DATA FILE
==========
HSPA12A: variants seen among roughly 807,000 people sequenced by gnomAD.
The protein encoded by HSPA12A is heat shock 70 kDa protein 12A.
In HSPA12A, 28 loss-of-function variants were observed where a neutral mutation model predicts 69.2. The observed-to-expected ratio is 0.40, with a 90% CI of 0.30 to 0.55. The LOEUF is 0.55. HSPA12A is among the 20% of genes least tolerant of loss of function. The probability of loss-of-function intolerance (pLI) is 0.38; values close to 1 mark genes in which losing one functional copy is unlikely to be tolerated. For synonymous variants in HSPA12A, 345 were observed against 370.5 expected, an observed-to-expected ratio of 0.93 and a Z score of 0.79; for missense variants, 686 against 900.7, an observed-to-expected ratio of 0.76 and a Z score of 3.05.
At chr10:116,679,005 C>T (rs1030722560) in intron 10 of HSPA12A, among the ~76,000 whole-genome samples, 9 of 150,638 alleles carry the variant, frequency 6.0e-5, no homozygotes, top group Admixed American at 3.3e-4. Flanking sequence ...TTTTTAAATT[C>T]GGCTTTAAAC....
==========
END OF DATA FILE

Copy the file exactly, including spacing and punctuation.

HSPA12A: variants seen among roughly 807,000 people sequenced by gnomAD.
The protein encoded by HSPA12A is heat shock 70 kDa protein 12A.
In HSPA12A, 28 loss-of-function variants were observed where a neutral mutation model predicts 69.2. The observed-to-expected ratio is 0.40, with a 90% CI of 0.30 to 0.55. The LOEUF is 0.55. HSPA12A is among the 20% of genes least tolerant of loss of function. The probability of loss-of-function intolerance (pLI) is 0.38; values close to 1 mark genes in which losing one functional copy is unlikely to be tolerated. For synonymous variants in HSPA12A, 345 were observed against 370.5 expected, an observed-to-expected ratio of 0.93 and a Z score of 0.79; for missense variants, 686 against 900.7, an observed-to-expected ratio of 0.76 and a Z score of 3.05.
At chr10:116,679,005 C>T (rs1030722560) in intron 10 of HSPA12A, among the ~76,000 whole-genome samples, 9 of 150,638 alleles carry the variant, frequency 6.0e-5, no homozygotes, top group Admixed American at 3.3e-4. Flanking sequence ...TTTTTAAATT[C>T]GGCTTTAAAC....